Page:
The Running Man

1963

Crime / Drama / Thriller

50
IMDb Rating 6.6 10 634

Synopsis


Downloaded 8,787 times
July 22, 2019

Director

Cast

Alan Bates as Stephen
John Meillon as Jim Jerome
Lee Remick as Stella
720p.BLU 1080p.BLU
852.97 MB
1280*720
English
NR
23.976 fps
103 min
P/S N/A / N/A
1.63 GB
1920×1080
English
NR
23.976 fps
103 min
P/S N/A / N/A

Movie Reviews

Reviewed by mackjay2 8 / 10 / 10

Much better than you've heard: The Running Man

Sorely underrated and dismissed at the time of its release, THE RUNNING MAN can now be seen for what it it: a highly effective thriller. Director Carol Reed was said to be shaken after being dismissed from MUTINY ON THE BOUNTY, but it really doesn't show. He conducts us deftly through a nicely conceived intrigue, with no time wasted. If a viewer can forgive a small handful of plot contrivances, this movie delivers in suspense, interesting characters, acting, and pleasing use of locations. The cast is superb: Laurence Harvey might look underfed, but his character is richly drawn he seems to have a great time. Lee Remick has never been better: a woman who sees her husband for what he really is when he assumes a new identity. And Alan Bates, an actor who radiated charm, brings a lot of substance to his part. Watch for Fernando Rey and Fortunio Bonanova (the singing teacher from CITIZEN KANE--"Impossible! Impossible!") as a bank manager. The script has a good helping of humor along with the suspense. And William Alwyn's music score enhances the film as well. It may not be THE THIRD MAN, but THE RUNNING MAN is likely to satisfy most fans of thrillers, the director and the estimable cast.

Reviewed by Dawnfrancis 6 / 10 / 10

Excellent thriller with good twist

A bitter airline pilot fakes his own death and gets his wife to collect the money. They escape to sunny Europe after committing a perfect crime. But, of course, there's always the dogged investigator to make things difficult. This movie is a good afternoon's diversion. It's bright, flashy and pacey. With John Mortimer writing and Carol Reed directing, it has a certain touch of class. It's not an A list movie by any means, but a quick look in any reference book will tell you that it's well respected. Good performances, bright locations and a decent pace make this well worth a look.

Reviewed by rstabosz-1 6 / 10 / 10

Romancing the Stone-type exotic location adventure but with a darker plot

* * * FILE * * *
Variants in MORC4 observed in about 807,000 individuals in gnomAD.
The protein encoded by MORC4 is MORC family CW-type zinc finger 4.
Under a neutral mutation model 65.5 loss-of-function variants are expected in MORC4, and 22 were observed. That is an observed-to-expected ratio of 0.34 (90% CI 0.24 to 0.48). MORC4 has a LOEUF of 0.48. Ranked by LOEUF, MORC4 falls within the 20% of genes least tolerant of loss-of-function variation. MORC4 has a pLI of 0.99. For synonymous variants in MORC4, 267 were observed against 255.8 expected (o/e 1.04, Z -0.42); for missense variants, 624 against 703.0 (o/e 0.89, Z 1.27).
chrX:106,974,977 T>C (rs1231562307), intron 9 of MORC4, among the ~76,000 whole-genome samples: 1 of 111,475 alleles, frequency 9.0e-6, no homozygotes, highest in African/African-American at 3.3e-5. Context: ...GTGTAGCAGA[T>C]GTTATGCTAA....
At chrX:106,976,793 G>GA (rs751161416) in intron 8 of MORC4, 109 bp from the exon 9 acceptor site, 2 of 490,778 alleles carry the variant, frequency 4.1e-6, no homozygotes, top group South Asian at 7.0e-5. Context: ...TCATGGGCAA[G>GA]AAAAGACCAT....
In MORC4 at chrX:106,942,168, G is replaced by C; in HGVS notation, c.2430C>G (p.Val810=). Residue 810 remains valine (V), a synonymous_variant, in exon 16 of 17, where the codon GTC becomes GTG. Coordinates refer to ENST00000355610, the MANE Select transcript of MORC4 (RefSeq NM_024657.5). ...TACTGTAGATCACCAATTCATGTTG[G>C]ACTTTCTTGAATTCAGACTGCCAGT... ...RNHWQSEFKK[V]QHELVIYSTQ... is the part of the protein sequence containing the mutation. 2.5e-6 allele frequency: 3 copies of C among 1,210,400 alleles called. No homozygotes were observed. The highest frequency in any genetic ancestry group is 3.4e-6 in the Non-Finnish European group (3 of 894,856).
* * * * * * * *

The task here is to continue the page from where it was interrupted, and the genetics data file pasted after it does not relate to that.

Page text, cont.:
This movie had the misfortune of being released just around the time of JFK's assassination, where it got swallowed up in the general grief of the time. It did not do well at the box office, and one of its publicity stunts backfired when Dallas police saw personal ads in the newspaper signed by "Lee" and asking to meet up at an appointed place. The police thought it might be a Lee Harvey Oswald connection, not a Lee Remick stunt -- and spent some time chasing down this blind alley. I caught the film while flipping channels in the middle of the night and quite enjoyed it. Laurence Harvey plays an airline pilot/owner who loses out when a two-days' late insurance premium lets his insurance company deny his legitimate claim after he crashes his plane in the sea, narrowly escaping with his life. An honest guy with a love of risk-taking and a mutually reciprocated passion for his beautiful wife, Lee Remick, he decides to get back at the insurance company by faking his own death, with his wife's reluctant collusion. She hopes that this will get his anger out of his system and give them enough money to live comfortably, which seems to be why she goes along with the scheme. But at heart she just wants a quiet, comfortable life, an "ordinary life", she tells him. He, however, takes to life at the edges quite wonderfully, and pretty soon he's all about living the high life and risking their freedom with additional swindling schemes. Alan Bates plays the insurance investigator who comes round to the wife asking questions after her husband's "death". He has a whole Columbo thing going on, asking questions in an affable, bumbling way that always seems to indicate he knows more than he is letting on. He turns up again in Malaga, Spain, where the couple has gone with the insurance money to start their new life. Again, he's got the questions that could be innocent or could be a dogged inspector following his prey. Harvey decides that the best way to keep an eye on Bates is to invite him along to enjoy the Malaga sun and surf with the two of them. The three of them hang out together, swimming and eating and drinking and enjoying what Bates says is his vacation time and Harvey claims is a working vacation. Remick is supposed to be the new widow, technically single, who gravitates to the orbit of the Australian rich guy that Harvey is impersonating. At the movie's emotional core is, yes, a love triangle, as Lee Remick grows disenchanted with her husband's attraction to the James Bond lifestyle while discovering that Alan Bates likes museums and quiet walks, like she does, and seems to like her. So it's cat and mouse between the two guys on two levels -- over the insurance money and over the woman. The Malaga locations are glorious and reminded me of the villages in Romancing the Stone where Kathleen Turner and Michael Douglas run across weddings, dancing, and general romantic danger. The movie doesn't take itself seriously, and the characters are conflicted in a way that you don't know what to hope for and what the final moral and romantic resolutions will be. Will the husband redeem himself? Will the wife stay true to him or fall in with the man who is on his tail? Harvey is not irredeemable and we do feel sympathy for him, and see that he is more oblivious to his wife's unhappiness than deliberately mean. He treats her as an extension of himself and just doesn't recognize that she has no interest in playing Bonnie to his Clyde. Good flick. Not great, but good.

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